Key environmental, sustainability and operational representatives from fourteen leading Indian businesses including Mahindra & Mahindra, Jet Airways, Oil & Natural Gas Corporation, Mahindra Sanyo Special Steel Pvt. Ltd, Ambuja Cements, Shree Cements, GAIL, Godrej & Boyce, Secure Meters, Jain Irrigation, Pratibha Syntex etc. participated in the first ever GHG Clinic, i.e. capacity building and technical workshop on developing corporate inventories based on the GHG Protocol Corporate Standard and the Corporate Value Chain Standard.
One of the key features of the GHG Clinic was the presence of key faculty from WRI, TERI and CII including Pankaj Bhatia, the Lead Author and Director of the GHG Protocol Suite of Standards. The workshop began with an overview of the basic concepts of setting organizational and operational boundaries, with highly interactive exercises. The interactive format of the workshop highlighted several key issues on boundary setting and consolidation approaches like;
- Which of the consolidation approaches for defining organizational boundary is most relevant in the Indian context.. How do you address issues related to choosing the equity share approach when many privately held companies have complex cross-holding and management structures?
- Companies in India usually start with GHG Accounting for facilities (including major operations, emission scopes and gases).. How do you transition from a facility based inventory to a consolidated corporate inventory for a more centralized understanding of risks and opportunities.
- Why does the corporate standard advise not to recalcuate the base year in the case of organic growth or if the facility acquired did not exist in the base year.
- In 2011, NF3 was not included in the GHG Accounting during the base year, but now if the company has developed a deep understanding on how to account for them - should it be included in the inventory, and if yes; does the base year calculations change??
- Which scope should the company operations that undertake only packaging and branding (no manufacturing or post processing) should come under??
The interaction further developed into deeper engagement and understanding for other aspects of compiling inventory including activity data collection, compartive data evaluation for developing greater credibility, goal setting etc. The business representatives exclusively looked forward to the expertise on Scope 3 Accouting based on the Corporate Value Chain Standard wherein some of the queries relevant to the Indian context were highlighted as below;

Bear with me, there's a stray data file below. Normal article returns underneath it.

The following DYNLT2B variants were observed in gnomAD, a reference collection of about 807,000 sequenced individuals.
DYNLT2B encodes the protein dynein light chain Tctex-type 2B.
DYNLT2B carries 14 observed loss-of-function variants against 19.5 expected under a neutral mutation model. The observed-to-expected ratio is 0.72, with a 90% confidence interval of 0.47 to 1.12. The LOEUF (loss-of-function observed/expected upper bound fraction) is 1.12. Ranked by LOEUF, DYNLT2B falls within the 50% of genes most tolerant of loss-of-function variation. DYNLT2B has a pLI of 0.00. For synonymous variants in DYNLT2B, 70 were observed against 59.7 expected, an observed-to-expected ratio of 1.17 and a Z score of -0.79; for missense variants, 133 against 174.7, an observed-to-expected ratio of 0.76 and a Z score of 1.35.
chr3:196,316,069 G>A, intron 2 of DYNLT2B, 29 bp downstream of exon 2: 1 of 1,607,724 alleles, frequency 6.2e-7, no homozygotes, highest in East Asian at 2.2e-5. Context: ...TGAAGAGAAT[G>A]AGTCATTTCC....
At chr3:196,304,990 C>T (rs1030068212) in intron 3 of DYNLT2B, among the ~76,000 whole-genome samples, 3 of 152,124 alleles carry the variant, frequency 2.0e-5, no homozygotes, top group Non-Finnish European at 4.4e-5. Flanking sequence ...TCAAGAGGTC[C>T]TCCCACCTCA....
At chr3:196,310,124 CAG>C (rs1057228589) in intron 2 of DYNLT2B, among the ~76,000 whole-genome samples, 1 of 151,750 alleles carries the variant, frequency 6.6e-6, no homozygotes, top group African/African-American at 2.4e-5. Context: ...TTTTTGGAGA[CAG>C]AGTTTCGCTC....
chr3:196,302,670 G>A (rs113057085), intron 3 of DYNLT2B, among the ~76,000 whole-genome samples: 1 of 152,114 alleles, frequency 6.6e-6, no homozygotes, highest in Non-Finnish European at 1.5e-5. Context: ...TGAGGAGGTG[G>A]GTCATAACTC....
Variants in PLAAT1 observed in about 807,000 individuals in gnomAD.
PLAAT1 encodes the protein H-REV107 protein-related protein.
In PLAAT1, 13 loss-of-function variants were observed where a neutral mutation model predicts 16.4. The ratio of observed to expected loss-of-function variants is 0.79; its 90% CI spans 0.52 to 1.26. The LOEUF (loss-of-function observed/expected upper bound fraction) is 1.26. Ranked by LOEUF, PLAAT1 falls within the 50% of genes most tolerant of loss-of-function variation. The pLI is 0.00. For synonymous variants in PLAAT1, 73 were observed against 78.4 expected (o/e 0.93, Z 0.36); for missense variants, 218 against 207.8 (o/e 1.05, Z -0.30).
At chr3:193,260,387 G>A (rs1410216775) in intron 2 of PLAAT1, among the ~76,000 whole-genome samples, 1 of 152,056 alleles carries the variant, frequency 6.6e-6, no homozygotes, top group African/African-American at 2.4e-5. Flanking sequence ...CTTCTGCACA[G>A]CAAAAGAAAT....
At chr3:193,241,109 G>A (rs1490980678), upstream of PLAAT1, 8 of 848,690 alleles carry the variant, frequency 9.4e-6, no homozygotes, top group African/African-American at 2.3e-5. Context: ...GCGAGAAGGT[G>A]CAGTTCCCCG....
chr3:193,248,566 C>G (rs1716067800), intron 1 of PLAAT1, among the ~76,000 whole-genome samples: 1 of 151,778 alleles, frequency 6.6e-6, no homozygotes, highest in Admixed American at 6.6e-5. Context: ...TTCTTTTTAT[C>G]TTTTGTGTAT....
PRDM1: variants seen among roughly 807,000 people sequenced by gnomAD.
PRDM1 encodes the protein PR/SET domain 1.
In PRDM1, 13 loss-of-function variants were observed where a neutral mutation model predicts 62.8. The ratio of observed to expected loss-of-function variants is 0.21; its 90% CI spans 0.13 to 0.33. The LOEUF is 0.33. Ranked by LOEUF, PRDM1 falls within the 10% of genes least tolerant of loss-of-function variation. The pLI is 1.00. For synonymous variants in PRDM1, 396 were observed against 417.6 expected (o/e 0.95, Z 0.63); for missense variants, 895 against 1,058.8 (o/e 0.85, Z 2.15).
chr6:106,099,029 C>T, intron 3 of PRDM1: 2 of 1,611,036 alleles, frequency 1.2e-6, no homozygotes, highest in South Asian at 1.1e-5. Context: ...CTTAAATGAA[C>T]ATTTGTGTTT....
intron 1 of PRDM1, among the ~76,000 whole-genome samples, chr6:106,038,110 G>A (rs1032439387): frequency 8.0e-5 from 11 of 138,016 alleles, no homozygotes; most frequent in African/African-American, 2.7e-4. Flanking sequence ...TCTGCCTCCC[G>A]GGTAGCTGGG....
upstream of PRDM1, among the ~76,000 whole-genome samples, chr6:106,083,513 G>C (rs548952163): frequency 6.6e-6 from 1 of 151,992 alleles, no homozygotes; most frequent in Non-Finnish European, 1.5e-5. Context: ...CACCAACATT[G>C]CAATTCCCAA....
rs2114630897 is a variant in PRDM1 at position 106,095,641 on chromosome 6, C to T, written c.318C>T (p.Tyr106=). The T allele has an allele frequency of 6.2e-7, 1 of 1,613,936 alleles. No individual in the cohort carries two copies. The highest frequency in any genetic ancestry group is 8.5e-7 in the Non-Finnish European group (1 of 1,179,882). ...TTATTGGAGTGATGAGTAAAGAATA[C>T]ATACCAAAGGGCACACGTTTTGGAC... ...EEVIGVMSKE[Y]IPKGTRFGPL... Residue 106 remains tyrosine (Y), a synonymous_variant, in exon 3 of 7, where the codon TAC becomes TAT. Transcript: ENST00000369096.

- Certain sectors such as real estate, cement, iron & steel etc. have minor suppliers whereas those from the automotive and consumer sections have multiple layers effecting into a large magnitude of the supply chain. Accordingly, what would be the most prudent level of the supply chain to be engaged, i.e. will Tier 1 or top 3-4 suppliers suffice based on relevance and materiality.. is there a specific guidance on the same prescribed by the standard
- In a company the transportation vehicles are not owned (no financial control) but there is complete operational control over all the requirements (like fuel type, vehicle to be used etc, decision on retro-fitting and maintenance of vehicles etc). Accordingly the control approach selected would be imperative in the overall inventory that will be reported. In such a scenario, what could be the ideal approach to be followed.
- In a large business conglomerate, one of the manufacturing unit requests transportation service from a logistics company of the same business group. This means the emissions when rolled up to the business conglomerate level i.e. manufacturing unit (Scope 3) and the logistics unit (Scope 1) would result in double counting?? What could be the approach to be selected here for roll-up and reporting for a group level inventory..
- A company sells fabrics as well as apparels. In case of the former there is no awareness of the final usage of the product, so the selection of emission factors and categorization under the Scope 3 standard needs a very closer look (Scope 3 - processing of sold products). What should a company look at while computing these emissions??
- If in a textile company, approximately 60% of the emissions from apparels are in their use phase. If the company undertakes some changes in the manufacturing process that makes garments require less resources (e.g. less washing/less ironing), then would it be ok to report under ‘optional’ instead of ‘mandatory’ requirements under this Scope 3 category of computing use phase emissions??
- How do you acccount for emissions from inter-business transportation of a corporate group without double counting??
- In a case of a firm which leases a building for official requirements. This lease includes a fixed monthly rental inclusive of the electric bill. Will the emissions from electricity consumed fall under scope 2 or scope 3?
Our recommendations for some of these queries would be specifically conveyed to the participants as well as snaphots would be uploaded on the India GHG Program website for the broader dissemination. It was also interesting to note the various drivers that companies refer to while setting internal & voluntary goals. Some of them include national / international industry benchmarks, historic performances, regulatory and policy requirements, market scenarios and consumer perceptions, science based recommendations etc. The program would also come-up with specific sessions on goal setting and relevance shortly. Do keep tuned in, onto the upcoming events section of the website for additional details.
The India GHG Program, once again acknowledges the support of its partners WRI India, TERI & CII as well as its funding partners Shakti Sustainable Energy Foundation, the German Federal Ministry of Environment, Nature Conservation and Nuclear Safety as well as the Pirojsha Godrej Foundation.